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Coronavirus

Suga targets green tech investment for post-pandemic comeback

Japan shifts away from cash aid to fund environment and 5G advances

TOKYO -- Prime Minister Yoshihide Suga will zero in on green and digital technology under new economic plans as the nation tries to balance spurring growth and containing the coronavirus outbreak. 

Japan until now has largely prioritized easing the economic blow from the pandemic through cash relief to households and businesses. The government is now changing tack to focus more on structural changes to reduce carbon emissions and to promote 5G wireless technology while keeping the coronavirus at bay.

"We need to think of how to use every available tool to quickly put Japan back on a trajectory of growth," Suga said Monday at a meeting of the Council on Economic and Fiscal Policy.

He told the council to look into measures for "green growth" -- a strategy of generating synergies between the economy and the goal of net zero carbon emissions by 2050. The measures will be funded in the third supplementary budget for fiscal 2020.

Other countries are stepping up environment-related investments as well. As a candidate, U.S. President-elect Joe Biden pledged to invest $2 trillion in clean-energy infrastructure, while the European Union plans to use a big chunk of its 750 billion euro ($890 billion) coronavirus recovery fund to fight climate change.

Japan will also tackle economic reforms in the third supplementary budget. It plans to assist companies investing in 5G and post-5G technologies, as well as smaller businesses switching to more lucrative fields. Some members of the ruling coalition are calling for a supplementary budget of about 30 trillion yen, including to update infrastructure.

Japan's first and second supplementary budgets set aside 12 trillion yen for payments of 100,000 yen per resident, as well as roughly 5.3 trillion yen in subsidies to smaller companies to make up for lost income. The government likely will not provide such assistance in its third supplementary budget.

The employment subsidy, designed to discourage companies from dismissing workers, will be continued but downsized after January. The government will also extend subsidies for domestic trips under the "Go To Travel" campaign, though it will adopt a stricter criteria for participants.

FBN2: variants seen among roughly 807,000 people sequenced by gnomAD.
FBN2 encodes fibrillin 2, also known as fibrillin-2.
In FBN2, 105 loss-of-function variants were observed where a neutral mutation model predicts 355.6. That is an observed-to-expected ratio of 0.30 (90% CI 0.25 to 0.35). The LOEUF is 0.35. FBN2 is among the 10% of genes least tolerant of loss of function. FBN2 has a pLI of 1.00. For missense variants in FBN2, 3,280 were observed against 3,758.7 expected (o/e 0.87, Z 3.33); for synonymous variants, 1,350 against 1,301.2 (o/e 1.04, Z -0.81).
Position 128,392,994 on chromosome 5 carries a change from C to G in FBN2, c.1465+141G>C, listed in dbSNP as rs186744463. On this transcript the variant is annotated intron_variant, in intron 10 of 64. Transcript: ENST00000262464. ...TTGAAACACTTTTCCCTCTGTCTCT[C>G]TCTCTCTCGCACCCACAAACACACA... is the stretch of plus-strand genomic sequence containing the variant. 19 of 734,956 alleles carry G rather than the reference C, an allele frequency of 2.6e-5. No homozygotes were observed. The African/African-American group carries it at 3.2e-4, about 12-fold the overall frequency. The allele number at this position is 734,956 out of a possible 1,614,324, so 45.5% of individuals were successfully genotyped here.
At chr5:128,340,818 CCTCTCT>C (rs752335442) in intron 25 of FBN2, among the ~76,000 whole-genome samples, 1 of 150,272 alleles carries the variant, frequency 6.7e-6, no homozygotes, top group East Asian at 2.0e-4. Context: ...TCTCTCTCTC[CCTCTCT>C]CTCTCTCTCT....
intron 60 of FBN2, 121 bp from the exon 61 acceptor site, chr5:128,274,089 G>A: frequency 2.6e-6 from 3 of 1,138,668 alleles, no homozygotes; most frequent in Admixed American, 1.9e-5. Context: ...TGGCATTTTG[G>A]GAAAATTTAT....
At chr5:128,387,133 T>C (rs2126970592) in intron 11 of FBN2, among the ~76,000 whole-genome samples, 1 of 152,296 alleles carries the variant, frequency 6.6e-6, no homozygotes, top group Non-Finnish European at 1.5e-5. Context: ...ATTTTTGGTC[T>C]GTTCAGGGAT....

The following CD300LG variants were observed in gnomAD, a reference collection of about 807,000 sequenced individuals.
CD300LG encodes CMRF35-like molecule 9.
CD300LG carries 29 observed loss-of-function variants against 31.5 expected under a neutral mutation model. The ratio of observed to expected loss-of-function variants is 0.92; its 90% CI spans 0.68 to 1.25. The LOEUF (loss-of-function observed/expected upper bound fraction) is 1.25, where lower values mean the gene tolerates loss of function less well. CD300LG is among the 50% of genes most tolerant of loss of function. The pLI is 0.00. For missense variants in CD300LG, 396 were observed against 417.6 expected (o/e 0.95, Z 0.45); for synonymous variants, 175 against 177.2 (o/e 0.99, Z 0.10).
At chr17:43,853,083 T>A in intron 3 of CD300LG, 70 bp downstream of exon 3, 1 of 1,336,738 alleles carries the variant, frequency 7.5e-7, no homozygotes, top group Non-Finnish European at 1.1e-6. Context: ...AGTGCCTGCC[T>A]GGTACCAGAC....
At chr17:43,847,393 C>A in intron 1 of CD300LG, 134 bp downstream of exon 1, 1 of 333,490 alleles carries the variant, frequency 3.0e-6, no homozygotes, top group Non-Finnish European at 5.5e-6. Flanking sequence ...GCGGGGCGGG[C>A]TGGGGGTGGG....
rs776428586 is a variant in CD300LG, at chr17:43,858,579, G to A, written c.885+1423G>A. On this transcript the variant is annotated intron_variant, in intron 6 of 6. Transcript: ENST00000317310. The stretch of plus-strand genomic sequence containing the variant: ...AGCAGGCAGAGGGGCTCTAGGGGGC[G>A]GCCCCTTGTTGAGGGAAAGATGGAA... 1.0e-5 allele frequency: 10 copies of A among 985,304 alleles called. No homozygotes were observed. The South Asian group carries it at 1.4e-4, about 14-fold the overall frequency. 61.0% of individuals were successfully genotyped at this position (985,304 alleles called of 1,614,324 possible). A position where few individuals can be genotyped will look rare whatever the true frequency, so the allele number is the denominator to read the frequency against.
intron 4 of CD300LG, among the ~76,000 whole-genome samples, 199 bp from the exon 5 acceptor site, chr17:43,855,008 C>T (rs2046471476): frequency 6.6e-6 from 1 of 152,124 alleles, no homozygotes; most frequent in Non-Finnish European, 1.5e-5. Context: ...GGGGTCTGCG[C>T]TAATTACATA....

Japan's shift away from cash relief and other urgent coronavirus response measures represents a marked difference from the U.S. and Europe. For example, the Democratic Party in the U.S. is calling for a new $2.2 trillion package, including a second round of up to $1,200 in tax credits. The package would also extend existing relief measures, like higher unemployment payments, small business loans to protect employment, and airline subsidies.

Meanwhile, Europe is scrambling to adjust policies in response to a second wave of lockdowns. Germany is covering 75% of monthly revenue, calculated based on year-earlier figures, for companies that have been forced to shut down. The U.K. will pay furloughed workers 80% of their wages until March, extending the program beyond its original end date.

Japan has significantly lower infections, averaging about 920 a day over the last week, compared with 109,000 in the U.S. and 22,000 in the U.K.

"We will definitely prevent an explosion of cases," Suga has said. With numbers creeping up, the third supplementary budget will likely include measures to curb new infections.

Japan is also wary of funding further wage relief, owing to fiscal constraints. The country has already spent the equivalent of 35% of its gross domestic product on coronavirus relief, according to the International Monetary Fund -- about as much as Germany and Italy, and much higher the U.S. figure of 14%. Japan's government debt is at 266% of GDP this year, twice the American percentage.

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